Wale Edun, a former Commissioner for Finance in Lagos state and mentor to Adeosun recommended her to then newly elected Governor Ibikunle Amosun of Ogun state. Adeosun claims she had no political inclinations. She told Punch newspapers, “He mentioned a job on Finance but I replied that I wasn’t interested in any political appointment. He insisted and I went. I just wanted to get there, see the Governor, thank him for considering me and reject the offer. But by the time I heard him talk about his plans for the state and his zeal (he is also an Accountant), I changed my mind and took up the job.”

To be the first

This was 2011 and Kemi Adeosun entered history books when she was sworn in as the first female Finance Commissioner in Ogun State. But there was little time to celebrate. According to Adeosun, the state’s finances were a mess. The debts were piling up and the citizens saw no reason to pay taxes. She began the arduous task of cleaning up the state, while at the same time investing confidence in the system.

Adeosun adopted the Treasury Single Account (TSA) system that directed all state revenue to a central collection point, eliminating about 50 bank accounts the state was reportedly operating with. By the time she was done, Ogun State’s Internally Generated Revenue (IGR) had climbed from less than a billion Naira to a record high of 6 billion Naira. She also drove initiatives like the Home Owners Charter, a programme that helped indigenes of the state become home owners by getting their title documents with minimal stress through a friendly rebate.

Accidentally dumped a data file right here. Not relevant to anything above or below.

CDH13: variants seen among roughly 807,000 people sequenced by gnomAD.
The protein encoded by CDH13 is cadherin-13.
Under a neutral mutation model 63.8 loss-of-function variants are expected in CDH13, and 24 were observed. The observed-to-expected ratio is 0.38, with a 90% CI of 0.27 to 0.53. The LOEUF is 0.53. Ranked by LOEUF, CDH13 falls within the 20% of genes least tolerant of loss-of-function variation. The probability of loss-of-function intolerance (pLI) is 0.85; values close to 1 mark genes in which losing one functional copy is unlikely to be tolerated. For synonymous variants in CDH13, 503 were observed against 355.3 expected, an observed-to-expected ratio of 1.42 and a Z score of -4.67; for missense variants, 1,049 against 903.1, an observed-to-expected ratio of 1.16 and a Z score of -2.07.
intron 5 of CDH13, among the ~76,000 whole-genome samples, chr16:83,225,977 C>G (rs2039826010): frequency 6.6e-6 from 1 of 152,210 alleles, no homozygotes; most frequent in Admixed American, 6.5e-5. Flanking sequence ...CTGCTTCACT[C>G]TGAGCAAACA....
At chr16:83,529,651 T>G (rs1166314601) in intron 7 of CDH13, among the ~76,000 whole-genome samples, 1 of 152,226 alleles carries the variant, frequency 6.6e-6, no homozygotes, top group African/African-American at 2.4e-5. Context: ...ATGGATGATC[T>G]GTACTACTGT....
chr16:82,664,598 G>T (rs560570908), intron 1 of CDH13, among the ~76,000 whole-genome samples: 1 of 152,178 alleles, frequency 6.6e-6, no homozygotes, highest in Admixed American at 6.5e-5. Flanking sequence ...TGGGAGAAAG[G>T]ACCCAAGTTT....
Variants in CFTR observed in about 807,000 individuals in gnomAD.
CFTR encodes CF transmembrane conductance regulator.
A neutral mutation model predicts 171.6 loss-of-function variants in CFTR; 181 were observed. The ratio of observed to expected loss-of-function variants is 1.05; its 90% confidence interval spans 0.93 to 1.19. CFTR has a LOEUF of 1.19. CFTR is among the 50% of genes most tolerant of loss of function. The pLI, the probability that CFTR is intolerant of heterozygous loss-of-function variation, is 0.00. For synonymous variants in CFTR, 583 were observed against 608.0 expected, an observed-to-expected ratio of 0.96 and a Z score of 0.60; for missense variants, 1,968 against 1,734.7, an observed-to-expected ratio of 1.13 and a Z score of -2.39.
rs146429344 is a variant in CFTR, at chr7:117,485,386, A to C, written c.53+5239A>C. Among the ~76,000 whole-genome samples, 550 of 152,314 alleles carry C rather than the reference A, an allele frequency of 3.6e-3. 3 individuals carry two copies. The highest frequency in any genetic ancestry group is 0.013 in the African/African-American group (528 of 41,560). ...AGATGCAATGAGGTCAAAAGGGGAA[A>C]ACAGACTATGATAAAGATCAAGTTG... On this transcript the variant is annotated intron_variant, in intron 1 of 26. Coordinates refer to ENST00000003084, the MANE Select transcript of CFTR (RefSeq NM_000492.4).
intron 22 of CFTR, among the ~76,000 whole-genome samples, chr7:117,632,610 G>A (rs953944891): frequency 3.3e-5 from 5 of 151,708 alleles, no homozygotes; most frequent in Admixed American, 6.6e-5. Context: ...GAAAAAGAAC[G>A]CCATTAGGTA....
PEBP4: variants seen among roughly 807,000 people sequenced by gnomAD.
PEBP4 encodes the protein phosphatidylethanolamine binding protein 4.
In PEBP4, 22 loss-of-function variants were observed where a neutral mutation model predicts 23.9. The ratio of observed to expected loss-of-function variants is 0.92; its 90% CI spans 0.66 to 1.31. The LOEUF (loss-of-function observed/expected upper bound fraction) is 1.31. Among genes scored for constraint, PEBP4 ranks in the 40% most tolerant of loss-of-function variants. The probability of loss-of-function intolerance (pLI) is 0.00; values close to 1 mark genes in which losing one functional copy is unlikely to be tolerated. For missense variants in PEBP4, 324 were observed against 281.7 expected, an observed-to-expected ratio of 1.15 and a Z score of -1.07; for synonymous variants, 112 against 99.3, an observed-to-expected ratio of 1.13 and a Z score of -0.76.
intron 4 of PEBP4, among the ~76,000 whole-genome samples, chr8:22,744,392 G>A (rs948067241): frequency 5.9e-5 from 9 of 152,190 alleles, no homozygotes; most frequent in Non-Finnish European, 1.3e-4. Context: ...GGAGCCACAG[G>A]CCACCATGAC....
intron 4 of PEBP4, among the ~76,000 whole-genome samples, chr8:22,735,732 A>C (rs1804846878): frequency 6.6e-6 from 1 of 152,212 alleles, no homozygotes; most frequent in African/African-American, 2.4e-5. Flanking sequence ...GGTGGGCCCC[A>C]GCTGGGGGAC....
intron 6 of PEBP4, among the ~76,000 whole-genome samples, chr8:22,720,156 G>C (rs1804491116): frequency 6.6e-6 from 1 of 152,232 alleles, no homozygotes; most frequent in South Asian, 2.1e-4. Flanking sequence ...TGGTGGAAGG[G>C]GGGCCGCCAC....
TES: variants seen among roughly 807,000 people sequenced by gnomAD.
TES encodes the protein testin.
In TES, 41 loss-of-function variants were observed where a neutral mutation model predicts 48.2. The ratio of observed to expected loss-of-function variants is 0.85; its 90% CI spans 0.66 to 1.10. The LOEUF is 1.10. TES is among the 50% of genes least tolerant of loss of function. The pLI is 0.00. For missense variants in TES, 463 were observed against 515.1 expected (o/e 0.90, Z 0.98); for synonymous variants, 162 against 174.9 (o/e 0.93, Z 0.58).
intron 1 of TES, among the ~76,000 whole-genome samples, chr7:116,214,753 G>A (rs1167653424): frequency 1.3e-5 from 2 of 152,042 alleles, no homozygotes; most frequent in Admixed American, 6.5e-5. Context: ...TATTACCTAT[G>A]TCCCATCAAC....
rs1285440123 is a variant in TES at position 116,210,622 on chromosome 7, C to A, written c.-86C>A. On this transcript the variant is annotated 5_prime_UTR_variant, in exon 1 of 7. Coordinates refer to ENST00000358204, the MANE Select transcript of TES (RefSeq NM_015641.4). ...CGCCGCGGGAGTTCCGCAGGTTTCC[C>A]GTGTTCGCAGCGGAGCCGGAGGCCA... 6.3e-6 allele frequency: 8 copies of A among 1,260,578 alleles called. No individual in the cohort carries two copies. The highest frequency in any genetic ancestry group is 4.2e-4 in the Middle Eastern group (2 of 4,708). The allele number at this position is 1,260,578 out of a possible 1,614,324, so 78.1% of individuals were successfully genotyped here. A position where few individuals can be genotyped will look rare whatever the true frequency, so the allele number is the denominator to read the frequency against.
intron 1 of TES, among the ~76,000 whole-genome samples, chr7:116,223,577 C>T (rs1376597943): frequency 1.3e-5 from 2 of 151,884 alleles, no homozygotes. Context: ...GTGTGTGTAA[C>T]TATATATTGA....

She recalls attending Federal Account Allocation Committee (FAAC) meetings in Abuja where she was sometimes assumed to be representing the Commissioner. Her simple response was always, “I am the Commissioner.”

Governor Amosun had submitted Adeosun’s name to President Buhari as Minister designate for Ogun state but while the President tarried, Amosun also pencilled down Kemi Adeosun to return for a second term as Finance Commissioner.

But this did not stop the Coalition Against Corrupt Leaders (CACOL) from petitioning President Buhari, advising against Adeosun’s nomination, citing “her many scandals premising on financial mismanagement, questionable and self-beneficial transactions of government businesses, wastefulness, acquisition of questionable wealth, ineptness and graft.”